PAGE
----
(image source: klostermann)
Prof. Luigi Lacchè (Macerata) just published a volume of collected essays on History & Constitution Developments in European Constitutionalism: the comparative experience of Italy, France, Switzerland and Belgium, the 299th volume in the Studien zur europäischen Rechtsgeschichte-series of the Max Planck Institute for European Legal History in Frankfurt.
This volume gathers together 25 essays dedicated to the history of four important constitutional experiments (France, Belgium, Switzerland and Italy). While it considers these experiments and developments in the 19th and 20th centuries, comparative constitutional history, nevertheless, offers the possibility of obtaining a wider purview. It is in this sense that we can speak of the myth of the English constitution pervading the discourses and language of the French liberals, of Belgium being referred to as “Little England” in Italy, and the Modell Deutschland as increasingly becoming an object of fascination for Italian scholars of public law. In the 1830s Alexis de Tocqueville analysed the situation in Switzerland and compared the different kinds of federalism present in America and in Europe.Free excerpt can be read here.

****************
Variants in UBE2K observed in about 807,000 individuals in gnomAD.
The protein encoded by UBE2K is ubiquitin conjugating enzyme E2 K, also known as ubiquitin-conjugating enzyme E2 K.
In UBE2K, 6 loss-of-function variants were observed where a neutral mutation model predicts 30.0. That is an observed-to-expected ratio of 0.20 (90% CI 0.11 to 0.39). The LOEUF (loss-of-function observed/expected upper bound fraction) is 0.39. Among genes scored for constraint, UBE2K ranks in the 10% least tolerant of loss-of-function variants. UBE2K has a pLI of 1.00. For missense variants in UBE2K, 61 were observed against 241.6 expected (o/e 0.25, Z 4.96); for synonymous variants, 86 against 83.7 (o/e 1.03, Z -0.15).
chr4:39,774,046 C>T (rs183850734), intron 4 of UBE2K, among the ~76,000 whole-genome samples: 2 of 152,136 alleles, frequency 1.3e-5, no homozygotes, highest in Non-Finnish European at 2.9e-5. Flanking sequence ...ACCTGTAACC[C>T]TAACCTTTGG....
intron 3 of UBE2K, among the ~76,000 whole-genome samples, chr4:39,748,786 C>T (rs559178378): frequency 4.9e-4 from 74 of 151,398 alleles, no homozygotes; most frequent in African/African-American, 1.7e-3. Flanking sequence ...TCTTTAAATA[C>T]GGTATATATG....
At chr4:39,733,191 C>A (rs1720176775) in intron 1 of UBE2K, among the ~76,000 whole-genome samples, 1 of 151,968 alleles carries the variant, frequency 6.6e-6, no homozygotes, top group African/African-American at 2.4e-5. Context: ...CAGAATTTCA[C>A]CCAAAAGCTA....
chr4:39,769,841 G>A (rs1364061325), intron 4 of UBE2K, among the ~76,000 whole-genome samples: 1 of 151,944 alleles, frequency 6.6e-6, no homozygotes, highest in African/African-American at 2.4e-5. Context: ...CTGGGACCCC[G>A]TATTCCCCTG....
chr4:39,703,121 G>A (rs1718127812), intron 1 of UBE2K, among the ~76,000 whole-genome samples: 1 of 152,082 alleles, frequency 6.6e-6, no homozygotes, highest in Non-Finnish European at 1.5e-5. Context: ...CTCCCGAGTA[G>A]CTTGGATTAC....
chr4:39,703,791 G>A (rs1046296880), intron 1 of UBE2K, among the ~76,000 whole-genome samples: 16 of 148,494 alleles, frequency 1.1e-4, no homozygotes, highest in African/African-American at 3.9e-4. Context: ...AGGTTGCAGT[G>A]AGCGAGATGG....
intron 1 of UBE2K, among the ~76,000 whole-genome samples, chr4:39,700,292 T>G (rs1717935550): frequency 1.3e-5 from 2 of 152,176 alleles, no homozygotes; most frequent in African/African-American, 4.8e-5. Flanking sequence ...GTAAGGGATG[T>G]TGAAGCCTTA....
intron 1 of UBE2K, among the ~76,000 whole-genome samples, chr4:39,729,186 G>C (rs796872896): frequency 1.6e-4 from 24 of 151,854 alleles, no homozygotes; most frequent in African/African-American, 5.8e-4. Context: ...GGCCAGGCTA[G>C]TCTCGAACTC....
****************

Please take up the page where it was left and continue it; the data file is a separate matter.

A European comparative constitutional history, taking up a global perspective, can help us to better decipher two very important issues pertinent to our times: first, for assessing the identity and the constitutional substance of a living common core of the European constitutional traditions; and second, for considering constitutional history as a useful tool to address different levels of global constitutionalism and new trends of governance. History & Constitution offers not only insights into the past, but also provides some guidelines for the future.